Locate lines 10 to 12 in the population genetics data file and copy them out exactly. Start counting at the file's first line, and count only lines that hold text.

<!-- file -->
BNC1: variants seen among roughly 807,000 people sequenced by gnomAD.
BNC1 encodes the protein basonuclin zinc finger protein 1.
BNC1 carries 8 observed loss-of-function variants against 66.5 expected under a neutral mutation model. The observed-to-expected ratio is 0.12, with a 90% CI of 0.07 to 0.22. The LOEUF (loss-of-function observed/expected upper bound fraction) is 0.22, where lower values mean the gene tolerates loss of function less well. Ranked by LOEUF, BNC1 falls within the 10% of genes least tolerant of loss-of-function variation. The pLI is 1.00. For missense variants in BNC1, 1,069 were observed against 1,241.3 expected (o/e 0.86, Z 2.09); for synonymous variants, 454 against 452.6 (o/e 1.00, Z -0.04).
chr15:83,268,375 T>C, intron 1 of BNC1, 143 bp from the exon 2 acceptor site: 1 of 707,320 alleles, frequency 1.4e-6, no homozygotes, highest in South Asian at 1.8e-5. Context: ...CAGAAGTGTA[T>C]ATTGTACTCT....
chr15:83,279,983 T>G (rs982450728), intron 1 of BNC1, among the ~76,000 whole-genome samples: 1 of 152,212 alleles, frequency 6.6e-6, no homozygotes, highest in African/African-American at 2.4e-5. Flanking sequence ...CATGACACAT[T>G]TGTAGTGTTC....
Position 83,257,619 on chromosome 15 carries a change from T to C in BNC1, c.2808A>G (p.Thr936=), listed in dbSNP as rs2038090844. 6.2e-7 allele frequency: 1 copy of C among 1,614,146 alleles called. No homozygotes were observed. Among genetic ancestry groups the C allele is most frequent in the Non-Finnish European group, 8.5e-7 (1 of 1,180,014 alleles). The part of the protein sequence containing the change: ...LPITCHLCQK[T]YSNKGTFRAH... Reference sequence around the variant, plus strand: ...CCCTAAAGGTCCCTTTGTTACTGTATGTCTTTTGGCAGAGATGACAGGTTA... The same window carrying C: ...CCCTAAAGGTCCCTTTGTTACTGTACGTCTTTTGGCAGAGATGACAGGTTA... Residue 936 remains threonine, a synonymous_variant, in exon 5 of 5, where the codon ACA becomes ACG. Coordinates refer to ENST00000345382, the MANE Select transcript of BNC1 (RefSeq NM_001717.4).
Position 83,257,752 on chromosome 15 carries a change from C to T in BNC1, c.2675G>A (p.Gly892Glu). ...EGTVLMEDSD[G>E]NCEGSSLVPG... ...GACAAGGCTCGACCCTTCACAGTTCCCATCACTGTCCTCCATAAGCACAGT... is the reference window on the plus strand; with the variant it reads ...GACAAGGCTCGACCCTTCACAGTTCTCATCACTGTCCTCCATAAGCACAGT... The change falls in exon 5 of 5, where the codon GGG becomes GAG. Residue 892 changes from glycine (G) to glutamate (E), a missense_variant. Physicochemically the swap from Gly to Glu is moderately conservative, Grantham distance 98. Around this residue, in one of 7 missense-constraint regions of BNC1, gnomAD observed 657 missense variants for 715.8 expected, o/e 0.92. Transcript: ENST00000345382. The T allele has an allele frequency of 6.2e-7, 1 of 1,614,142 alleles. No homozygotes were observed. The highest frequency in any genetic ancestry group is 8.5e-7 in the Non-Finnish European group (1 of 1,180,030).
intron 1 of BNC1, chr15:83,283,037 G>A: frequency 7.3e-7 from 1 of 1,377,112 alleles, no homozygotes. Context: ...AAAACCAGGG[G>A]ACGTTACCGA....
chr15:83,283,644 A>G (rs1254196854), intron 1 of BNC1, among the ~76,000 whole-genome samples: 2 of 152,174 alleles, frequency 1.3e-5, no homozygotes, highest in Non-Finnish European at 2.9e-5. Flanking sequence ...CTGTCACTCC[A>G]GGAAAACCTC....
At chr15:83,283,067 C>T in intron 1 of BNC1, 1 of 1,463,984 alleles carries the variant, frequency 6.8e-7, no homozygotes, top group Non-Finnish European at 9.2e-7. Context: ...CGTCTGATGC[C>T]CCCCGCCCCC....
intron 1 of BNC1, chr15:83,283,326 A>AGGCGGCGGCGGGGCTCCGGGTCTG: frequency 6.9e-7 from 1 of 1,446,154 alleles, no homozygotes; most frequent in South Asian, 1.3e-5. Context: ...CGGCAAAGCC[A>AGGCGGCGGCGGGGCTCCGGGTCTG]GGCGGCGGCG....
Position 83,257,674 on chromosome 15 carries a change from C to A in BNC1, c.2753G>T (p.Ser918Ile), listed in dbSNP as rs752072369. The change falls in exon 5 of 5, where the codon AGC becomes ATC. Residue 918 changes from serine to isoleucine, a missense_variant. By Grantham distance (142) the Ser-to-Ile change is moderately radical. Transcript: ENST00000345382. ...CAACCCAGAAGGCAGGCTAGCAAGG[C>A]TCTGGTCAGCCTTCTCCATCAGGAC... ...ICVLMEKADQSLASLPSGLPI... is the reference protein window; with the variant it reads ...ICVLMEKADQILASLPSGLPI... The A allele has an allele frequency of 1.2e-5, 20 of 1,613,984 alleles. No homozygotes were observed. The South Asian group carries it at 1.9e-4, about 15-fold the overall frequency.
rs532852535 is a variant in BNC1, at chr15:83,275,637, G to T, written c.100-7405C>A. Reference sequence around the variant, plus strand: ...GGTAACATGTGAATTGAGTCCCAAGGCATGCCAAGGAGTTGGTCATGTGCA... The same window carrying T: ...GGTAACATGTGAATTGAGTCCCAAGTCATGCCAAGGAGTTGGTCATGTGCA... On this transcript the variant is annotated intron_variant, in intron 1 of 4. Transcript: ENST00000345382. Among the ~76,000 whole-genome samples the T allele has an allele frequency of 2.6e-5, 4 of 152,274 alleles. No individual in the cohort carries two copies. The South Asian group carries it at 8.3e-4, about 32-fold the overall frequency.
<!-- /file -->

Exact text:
At chr15:83,283,067 C>T in intron 1 of BNC1, 1 of 1,463,984 alleles carries the variant, frequency 6.8e-7, no homozygotes, top group Non-Finnish European at 9.2e-7. Context: ...CGTCTGATGC[C>T]CCCCGCCCCC....
intron 1 of BNC1, chr15:83,283,326 A>AGGCGGCGGCGGGGCTCCGGGTCTG: frequency 6.9e-7 from 1 of 1,446,154 alleles, no homozygotes; most frequent in South Asian, 1.3e-5. Context: ...CGGCAAAGCC[A>AGGCGGCGGCGGGGCTCCGGGTCTG]GGCGGCGGCG....
Position 83,257,674 on chromosome 15 carries a change from C to A in BNC1, c.2753G>T (p.Ser918Ile), listed in dbSNP as rs752072369. The change falls in exon 5 of 5, where the codon AGC becomes ATC. Residue 918 changes from serine to isoleucine, a missense_variant. By Grantham distance (142) the Ser-to-Ile change is moderately radical. Transcript: ENST00000345382. ...CAACCCAGAAGGCAGGCTAGCAAGG[C>A]TCTGGTCAGCCTTCTCCATCAGGAC... ...ICVLMEKADQSLASLPSGLPI... is the reference protein window; with the variant it reads ...ICVLMEKADQILASLPSGLPI... The A allele has an allele frequency of 1.2e-5, 20 of 1,613,984 alleles. No homozygotes were observed. The South Asian group carries it at 1.9e-4, about 15-fold the overall frequency.